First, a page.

Japanese farms have suffered from a labour shortage for a long time. Recently, the Labour, Justice and Agriculture Ministries revised the national training system, so that workers from overseas can have more duties beyond picking vegetables. They receive on the job training in facilities. If you are interested in jobs in agriculture or have a related degree, why not try a farming job?
There are a variety of agricultural jobs, such as agricultural workers, engineering and natural science managers, farmers, ranchers and farming mangers.
Farm staff work as farmhands, fruits and vegetable pickers, planters, breeders, gardeners and sellers. It is often seasonal work, but skills are taught on the job. Agricultural sales staff promote farm products and equipment like seeds, fertilisers and tools. The hourly rate is 800 yen-1000 yen.
If you have specialised knowledge about engineering, an agriculture engineer could be the one you should try. The duties include quality control, development and test of products and design of agricultural equipment and machinery. The annual salary is 4,500,000 yen-8,500,000 yen.
Apart from that, with a degree in agriculture, there are many more roles; agriculture managers, veterinarians, agricultural and food science technicians, horticulturists, agricultural national resource communications, conservation planners, agronomists, botanists, water quality specialists, and endangered species biologists. Among which, agricultural managers oversee agricultural operations and supervise labourers, and promote products, schedule planting and harvesting. The average salary is 4,000,000 yen.
Many websites introduce agricultural jobs. We recommend looking at specific sites because it makes your job search faster. Alternatively, visiting a nearby Hello Work will be helpful as they provide a face-to-face meeting. Followings are websites that you should try.
Noka no oshigoto website has plenty of information. For a job search, you can filter by a job type, a job location and forms of employment. Photographs and images on the site help to understand what a role is all about. Once you become a member, you will have a chance to be scouted by a recruiter and get extra job information. Also, it has an event calendar showing important event such as a job fair. It is handy.
The Agir navi is the larget agricultural job board in Japan. Over 4,000 corporates and individual farm owners use this site. You can filter through many posts by a job location, a job type, industry type, forms of employment and an accommodation type. The site also provides abundance in useful information, such as how to write CVs, and offer a free counselling session to a member.
This site introduces a wide range of recruitment in agriculture, forestry, and fisheries. Besides the job search functions, it provides a variety of services, such as seminars and events. It also features interview articles in which employees explain their experience and introduces daily routines of primary industries, which helps to deepen your knowledge of a particular job before applying.
Farm Help is a job board that advertises a short term position, including a seasonal job. If you are new to work in agriculture, it could be a good idea to start with a short term contract. You can also read about people's experience on the site.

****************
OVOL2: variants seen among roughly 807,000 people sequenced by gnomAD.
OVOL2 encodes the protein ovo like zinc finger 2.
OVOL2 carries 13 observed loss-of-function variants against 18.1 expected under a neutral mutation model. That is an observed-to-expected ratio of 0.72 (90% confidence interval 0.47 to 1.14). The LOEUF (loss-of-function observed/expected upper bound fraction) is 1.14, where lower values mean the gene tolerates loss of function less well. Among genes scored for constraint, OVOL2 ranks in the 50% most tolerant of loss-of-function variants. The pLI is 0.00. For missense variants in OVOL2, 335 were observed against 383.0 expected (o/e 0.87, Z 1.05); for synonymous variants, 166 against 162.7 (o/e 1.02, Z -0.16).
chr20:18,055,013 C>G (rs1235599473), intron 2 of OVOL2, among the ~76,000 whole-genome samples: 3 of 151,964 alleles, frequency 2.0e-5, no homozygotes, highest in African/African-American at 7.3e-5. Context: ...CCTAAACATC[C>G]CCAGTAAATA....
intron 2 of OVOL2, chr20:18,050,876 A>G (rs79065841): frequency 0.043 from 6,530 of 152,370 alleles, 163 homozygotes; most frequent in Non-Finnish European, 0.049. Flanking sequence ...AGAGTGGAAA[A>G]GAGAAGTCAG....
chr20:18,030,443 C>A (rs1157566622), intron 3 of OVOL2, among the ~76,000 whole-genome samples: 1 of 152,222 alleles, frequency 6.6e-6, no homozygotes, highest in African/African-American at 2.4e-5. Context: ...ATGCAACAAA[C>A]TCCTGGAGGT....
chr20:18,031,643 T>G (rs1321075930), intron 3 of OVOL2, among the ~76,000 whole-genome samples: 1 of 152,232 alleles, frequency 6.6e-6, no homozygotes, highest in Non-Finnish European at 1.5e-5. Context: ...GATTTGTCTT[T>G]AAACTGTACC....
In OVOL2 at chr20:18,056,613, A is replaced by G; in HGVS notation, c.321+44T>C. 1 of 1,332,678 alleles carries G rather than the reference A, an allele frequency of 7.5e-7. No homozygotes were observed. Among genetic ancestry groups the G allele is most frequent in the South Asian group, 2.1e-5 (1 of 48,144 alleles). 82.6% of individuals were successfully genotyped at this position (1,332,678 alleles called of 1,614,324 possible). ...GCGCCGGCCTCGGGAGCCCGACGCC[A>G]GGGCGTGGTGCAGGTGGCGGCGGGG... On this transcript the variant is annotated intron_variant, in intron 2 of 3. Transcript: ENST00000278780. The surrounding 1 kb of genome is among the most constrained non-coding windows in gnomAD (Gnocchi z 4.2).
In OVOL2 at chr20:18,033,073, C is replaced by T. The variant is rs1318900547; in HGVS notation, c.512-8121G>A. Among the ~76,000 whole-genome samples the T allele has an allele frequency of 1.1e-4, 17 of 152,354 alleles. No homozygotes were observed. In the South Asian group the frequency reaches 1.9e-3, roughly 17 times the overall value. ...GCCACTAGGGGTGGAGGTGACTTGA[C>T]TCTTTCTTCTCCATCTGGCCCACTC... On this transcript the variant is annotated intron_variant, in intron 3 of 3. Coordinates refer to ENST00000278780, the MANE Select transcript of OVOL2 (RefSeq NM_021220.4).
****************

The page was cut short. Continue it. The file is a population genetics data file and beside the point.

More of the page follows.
Each prefecture has multiple Hello Work offices. They welcome foreign job seekers with appropriate work visas. Many offices provide service in English and Chinese, and some offices offer other languages as well.
Nagoya Employment Service Centre for Foreigners is specialised for supporting foreigners. The support including consultation, interview training and review of CVs are free of charge. An extensive database of job offers is available via intranet and over the Internet.
In Japan, rice paddies take most of the countryside. Non-paddy farmland raises vegetables in spring and summer. So, the workforce is in demand all year round.
Prefectures we recommend is that Hokkaido, Aomori, Iwate, Miyagi, Akita, Yamagata, Fukushima, Ibaragi, Niigata, Toyama, Ishikawa, Fukui,Yamanashi, Nagano, Shizuoka, Aichi, Mie, Shiga, Kyoto, Osaka, Hyogo, Nara, Wakayama, Shimane, Tokushima, Fukuoka, Nagasaki, Kumamoto, Oita, Miyazaki, Kagoshima, and Okinawa.
Depending on regions, types of crop are different. Southern regions raise more vegetables, mandarin oranges and sugar beets, rather than rice, for example.
Every job has pros and cons. Working in nature is excellent. However, bear in mind that the weather is not always good and the working hours are different from office work.
Here is the list that you should consider before applying.
-You start early in the morning. Some vegetable farms begin at 2 am. Can you get up early?
-Repetitive work continues. Are you good at doing that?
-You may suffer from backache as it requires to keep working in a half-crouching position. If you are worried, check types of crops the farmland deals with.
-Your shoes and clothing get dirty because your primary work is in the fields. Are you all right working in muddy rice fields?
-Earnings are not stable as the work is subject to the weather.
Finally, when you look at a job advertisement, you should check below carefully.
-Job location and responsibilities
-Working hours, overtime work, break, holidays
-Wages, social insurance, other expenditures
Agricultural jobs are fun and rewarding. You can learn tips for growing your favorite vegetables and fruits throughout working. Some farms offer a part of the harvest to workers for free! Enjoy working!